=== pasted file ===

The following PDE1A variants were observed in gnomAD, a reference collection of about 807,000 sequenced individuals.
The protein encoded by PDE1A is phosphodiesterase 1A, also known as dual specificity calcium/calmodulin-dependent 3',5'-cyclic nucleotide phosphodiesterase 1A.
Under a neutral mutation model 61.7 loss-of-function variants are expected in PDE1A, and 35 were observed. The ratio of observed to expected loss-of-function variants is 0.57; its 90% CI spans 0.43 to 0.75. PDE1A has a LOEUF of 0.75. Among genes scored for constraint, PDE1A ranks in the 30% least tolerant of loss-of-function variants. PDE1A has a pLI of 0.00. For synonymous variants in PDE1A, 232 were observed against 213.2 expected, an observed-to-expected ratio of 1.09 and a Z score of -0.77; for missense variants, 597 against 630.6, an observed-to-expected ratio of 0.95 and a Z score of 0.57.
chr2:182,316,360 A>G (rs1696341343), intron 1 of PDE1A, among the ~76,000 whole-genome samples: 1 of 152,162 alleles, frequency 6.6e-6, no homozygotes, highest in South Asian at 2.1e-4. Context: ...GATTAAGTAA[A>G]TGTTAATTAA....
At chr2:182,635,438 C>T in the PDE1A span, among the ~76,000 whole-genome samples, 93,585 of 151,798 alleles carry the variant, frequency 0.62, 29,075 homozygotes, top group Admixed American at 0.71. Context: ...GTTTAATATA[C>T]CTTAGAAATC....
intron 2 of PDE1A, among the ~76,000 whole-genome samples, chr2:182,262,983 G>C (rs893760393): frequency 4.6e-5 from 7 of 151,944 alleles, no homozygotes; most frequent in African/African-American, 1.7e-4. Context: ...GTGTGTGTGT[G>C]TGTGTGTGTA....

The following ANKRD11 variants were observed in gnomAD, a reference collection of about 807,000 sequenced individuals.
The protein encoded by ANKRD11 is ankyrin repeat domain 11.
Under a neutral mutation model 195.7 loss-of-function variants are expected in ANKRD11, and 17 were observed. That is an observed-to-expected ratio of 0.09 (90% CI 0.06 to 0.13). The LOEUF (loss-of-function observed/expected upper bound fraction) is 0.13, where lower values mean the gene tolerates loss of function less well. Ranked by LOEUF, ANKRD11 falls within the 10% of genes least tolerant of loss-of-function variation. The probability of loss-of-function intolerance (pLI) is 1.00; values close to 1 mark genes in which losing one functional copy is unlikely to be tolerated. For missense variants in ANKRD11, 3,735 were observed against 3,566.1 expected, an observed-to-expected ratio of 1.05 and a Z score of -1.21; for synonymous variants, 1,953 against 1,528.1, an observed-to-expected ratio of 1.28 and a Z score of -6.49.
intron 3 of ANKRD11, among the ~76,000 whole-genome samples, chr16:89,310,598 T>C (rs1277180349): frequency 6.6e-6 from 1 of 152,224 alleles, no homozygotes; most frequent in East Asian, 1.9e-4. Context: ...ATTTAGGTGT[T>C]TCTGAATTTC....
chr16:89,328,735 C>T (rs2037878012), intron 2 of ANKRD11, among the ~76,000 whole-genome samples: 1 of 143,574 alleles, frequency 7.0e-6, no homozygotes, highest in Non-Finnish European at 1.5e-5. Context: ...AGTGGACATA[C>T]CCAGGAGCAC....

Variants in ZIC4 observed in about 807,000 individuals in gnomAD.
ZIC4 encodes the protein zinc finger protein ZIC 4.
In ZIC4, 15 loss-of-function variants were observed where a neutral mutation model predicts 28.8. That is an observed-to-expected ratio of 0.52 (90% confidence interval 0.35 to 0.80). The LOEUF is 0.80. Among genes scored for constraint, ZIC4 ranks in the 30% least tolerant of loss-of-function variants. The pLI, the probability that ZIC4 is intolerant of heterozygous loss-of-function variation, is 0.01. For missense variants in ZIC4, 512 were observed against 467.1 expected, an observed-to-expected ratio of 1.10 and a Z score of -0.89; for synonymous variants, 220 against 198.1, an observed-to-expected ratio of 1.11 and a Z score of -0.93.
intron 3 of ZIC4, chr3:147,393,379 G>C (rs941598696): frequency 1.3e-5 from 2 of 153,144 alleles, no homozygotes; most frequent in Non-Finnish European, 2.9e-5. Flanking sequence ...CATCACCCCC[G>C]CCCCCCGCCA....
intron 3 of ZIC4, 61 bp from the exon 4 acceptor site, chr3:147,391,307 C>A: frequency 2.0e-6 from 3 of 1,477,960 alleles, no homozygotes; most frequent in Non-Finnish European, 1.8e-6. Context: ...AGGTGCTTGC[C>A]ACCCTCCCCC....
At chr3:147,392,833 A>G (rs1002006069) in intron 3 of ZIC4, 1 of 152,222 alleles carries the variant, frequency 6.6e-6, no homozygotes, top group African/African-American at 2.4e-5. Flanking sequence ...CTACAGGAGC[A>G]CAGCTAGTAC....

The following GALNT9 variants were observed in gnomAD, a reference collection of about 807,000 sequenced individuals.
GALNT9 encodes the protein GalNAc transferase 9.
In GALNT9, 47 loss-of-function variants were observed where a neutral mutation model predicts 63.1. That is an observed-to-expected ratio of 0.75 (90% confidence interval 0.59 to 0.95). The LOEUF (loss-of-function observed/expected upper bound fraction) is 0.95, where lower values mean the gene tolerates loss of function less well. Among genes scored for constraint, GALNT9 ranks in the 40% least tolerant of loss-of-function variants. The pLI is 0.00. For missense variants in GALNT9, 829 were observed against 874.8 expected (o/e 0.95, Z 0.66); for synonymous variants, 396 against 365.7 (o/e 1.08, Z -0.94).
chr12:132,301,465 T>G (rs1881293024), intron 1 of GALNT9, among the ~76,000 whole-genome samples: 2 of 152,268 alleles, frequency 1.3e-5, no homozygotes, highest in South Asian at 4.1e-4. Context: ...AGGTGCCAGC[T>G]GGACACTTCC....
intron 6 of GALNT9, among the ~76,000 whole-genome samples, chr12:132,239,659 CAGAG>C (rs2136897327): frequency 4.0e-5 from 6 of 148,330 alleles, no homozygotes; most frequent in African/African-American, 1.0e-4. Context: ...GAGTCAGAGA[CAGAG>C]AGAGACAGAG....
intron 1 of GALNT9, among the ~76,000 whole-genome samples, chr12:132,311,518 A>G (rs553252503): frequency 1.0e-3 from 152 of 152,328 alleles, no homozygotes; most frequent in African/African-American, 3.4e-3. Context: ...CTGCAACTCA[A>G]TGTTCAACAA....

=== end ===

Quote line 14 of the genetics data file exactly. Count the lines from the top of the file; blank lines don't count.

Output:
In ZIC4, 15 loss-of-function variants were observed where a neutral mutation model predicts 28.8. That is an observed-to-expected ratio of 0.52 (90% confidence interval 0.35 to 0.80). The LOEUF is 0.80. Among genes scored for constraint, ZIC4 ranks in the 30% least tolerant of loss-of-function variants. The pLI, the probability that ZIC4 is intolerant of heterozygous loss-of-function variation, is 0.01. For missense variants in ZIC4, 512 were observed against 467.1 expected, an observed-to-expected ratio of 1.10 and a Z score of -0.89; for synonymous variants, 220 against 198.1, an observed-to-expected ratio of 1.11 and a Z score of -0.93.